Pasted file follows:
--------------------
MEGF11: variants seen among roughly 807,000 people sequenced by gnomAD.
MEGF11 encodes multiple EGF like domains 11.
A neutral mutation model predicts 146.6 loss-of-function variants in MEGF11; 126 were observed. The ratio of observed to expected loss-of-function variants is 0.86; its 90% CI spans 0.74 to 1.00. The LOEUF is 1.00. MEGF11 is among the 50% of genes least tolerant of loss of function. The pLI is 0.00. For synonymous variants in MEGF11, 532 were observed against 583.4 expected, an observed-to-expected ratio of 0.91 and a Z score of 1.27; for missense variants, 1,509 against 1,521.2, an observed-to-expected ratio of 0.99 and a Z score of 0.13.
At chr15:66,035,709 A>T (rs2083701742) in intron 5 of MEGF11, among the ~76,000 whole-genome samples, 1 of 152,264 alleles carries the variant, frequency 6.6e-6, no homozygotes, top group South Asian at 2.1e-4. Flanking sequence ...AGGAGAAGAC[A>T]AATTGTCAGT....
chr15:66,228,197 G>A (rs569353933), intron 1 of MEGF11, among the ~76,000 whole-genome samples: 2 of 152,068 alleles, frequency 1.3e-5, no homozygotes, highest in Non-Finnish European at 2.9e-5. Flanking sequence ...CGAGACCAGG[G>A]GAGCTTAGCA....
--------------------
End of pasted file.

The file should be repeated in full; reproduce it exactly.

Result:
MEGF11: variants seen among roughly 807,000 people sequenced by gnomAD.
MEGF11 encodes multiple EGF like domains 11.
A neutral mutation model predicts 146.6 loss-of-function variants in MEGF11; 126 were observed. The ratio of observed to expected loss-of-function variants is 0.86; its 90% CI spans 0.74 to 1.00. The LOEUF is 1.00. MEGF11 is among the 50% of genes least tolerant of loss of function. The pLI is 0.00. For synonymous variants in MEGF11, 532 were observed against 583.4 expected, an observed-to-expected ratio of 0.91 and a Z score of 1.27; for missense variants, 1,509 against 1,521.2, an observed-to-expected ratio of 0.99 and a Z score of 0.13.
At chr15:66,035,709 A>T (rs2083701742) in intron 5 of MEGF11, among the ~76,000 whole-genome samples, 1 of 152,264 alleles carries the variant, frequency 6.6e-6, no homozygotes, top group South Asian at 2.1e-4. Flanking sequence ...AGGAGAAGAC[A>T]AATTGTCAGT....
chr15:66,228,197 G>A (rs569353933), intron 1 of MEGF11, among the ~76,000 whole-genome samples: 2 of 152,068 alleles, frequency 1.3e-5, no homozygotes, highest in Non-Finnish European at 2.9e-5. Flanking sequence ...CGAGACCAGG[G>A]GAGCTTAGCA....